Oil could be flowing through the Dakota Access Pipeline tomorrow.
A federal appeals court denied a last-ditch injunction against the pipeline
Outstanding litigation won’t stop the pipeline from becoming operational
It could be a year before the Iowa Supreme Court rules on an eminent domain lawsuit
North Dakota’s sweet, light crude could be flowing through the furiously-contended Dakota Access Pipeline as early as Monday, thanks to a federal appeals court’s decision to throw out an “emergency” order from the Cheyenne River Sioux Tribe in a Hail Mary attempt to halt the project’s completion.
Three judges on a panel for the U.S. Court of Appeals for the District of Columbia Circuit aligned with a previous ruling by District Judge James Boasberg in that the tribe failed to the “stringent requirements” necessary to order an injunction.
“Upon consideration of the emergency motion for injunction pending appeal, the oppositions thereto, and the reply, it is ORDERED that the motion for injunction be denied,” wrote the judges in the ruling. “Appellant has not satisfied the stringent requirements for an injunction pending appeal.”
After exhausting several other avenues — the 1,172-mile pipeline violates established treaties with the U.S. government, decimates sacred sites, and breaks environmental laws — the tribes attempted to argue Dakota Access breaches the U.S. Religious Freedom and Restoration Act, in that the land and water are considered sacred, and could be desecrated by the infrastructure or its malfunction.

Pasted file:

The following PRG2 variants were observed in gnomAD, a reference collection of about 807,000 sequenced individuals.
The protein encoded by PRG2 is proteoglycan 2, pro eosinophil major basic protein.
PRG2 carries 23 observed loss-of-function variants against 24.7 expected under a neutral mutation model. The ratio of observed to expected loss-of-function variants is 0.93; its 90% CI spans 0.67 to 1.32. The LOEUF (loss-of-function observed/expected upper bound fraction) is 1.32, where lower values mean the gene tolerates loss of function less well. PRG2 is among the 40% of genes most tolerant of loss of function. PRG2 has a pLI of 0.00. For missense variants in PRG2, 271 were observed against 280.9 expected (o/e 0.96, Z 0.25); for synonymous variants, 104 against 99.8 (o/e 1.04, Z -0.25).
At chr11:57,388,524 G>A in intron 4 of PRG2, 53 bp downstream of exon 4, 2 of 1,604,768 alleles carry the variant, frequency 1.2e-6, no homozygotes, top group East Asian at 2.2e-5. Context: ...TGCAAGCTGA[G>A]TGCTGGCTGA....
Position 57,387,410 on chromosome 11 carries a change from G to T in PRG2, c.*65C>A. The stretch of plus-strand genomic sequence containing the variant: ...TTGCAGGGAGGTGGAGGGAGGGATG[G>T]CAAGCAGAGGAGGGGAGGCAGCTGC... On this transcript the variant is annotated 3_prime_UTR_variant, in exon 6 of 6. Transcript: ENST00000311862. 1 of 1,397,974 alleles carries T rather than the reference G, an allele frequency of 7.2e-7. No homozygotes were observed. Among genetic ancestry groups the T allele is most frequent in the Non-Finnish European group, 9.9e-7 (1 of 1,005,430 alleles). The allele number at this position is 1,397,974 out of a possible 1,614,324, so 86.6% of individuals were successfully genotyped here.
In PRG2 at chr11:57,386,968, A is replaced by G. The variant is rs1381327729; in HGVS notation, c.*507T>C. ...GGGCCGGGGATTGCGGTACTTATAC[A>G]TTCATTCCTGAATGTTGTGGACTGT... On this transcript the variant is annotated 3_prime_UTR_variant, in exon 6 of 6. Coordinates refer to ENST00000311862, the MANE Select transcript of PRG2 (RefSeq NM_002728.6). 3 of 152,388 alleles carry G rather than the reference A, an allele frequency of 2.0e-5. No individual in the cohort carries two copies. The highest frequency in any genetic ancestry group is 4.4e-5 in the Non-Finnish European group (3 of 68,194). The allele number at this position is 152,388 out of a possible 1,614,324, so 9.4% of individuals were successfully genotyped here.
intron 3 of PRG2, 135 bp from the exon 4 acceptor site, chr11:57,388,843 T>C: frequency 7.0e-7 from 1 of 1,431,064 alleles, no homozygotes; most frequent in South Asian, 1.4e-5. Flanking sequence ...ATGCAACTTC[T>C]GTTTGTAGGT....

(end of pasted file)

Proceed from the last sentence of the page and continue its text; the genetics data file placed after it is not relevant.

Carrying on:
Appeals Judge Patricia Millett ruled that premise for an injunction didn’t have sufficient legal teeth absent a ruling in a separate court proceeding.
Dakota Access LLC, the subsidiary of Energy Transfer Partners responsible for construction, has stated in its most recent progress report the pipeline could be transporting oil sometime between Monday and Wednesday this week.
That, despite myriad litigation still mired in courts across the four states — North and South Dakota, Iowa, and Illinois — the Dakota Access Pipeline traverses.
With the Standing Rock Sioux and Cheyenne River Sioux Tribes essentially out of options to halt the project, one potentially promising court case in Iowa could be the last hope of the movement to protect water and end the disputatious project — but with a decision at least one year away, Big Oil has plenty of time to profit.
Likewise, 12 months present plenty of time to prove water protectors justified in their concerns a leak would spew large quantities of oil into the water and environment from the enormous 30-inch pipeline.
Escaping the heft of media attention, given the violence inflicted by police against unarmed and largely peaceful water protectors at what generally became known as Standing Rock, Dakota Access’ route through Iowa — with its egregious manipulation of the government’s untenable power of eminent domain — has been the subject of controversy and protest even before the first camps were erected near the banks of the Missouri River’s Lake Oahe reservoir in April 2016.
Iowan homeowners in the path of the pipeline have lost the rights to their property under the factious government permission slip — which, per Iowa law, must only be employed for public utility or the public good — but Dakota Access, argue the lawyers and facts, serves no interest to the public, whatsoever.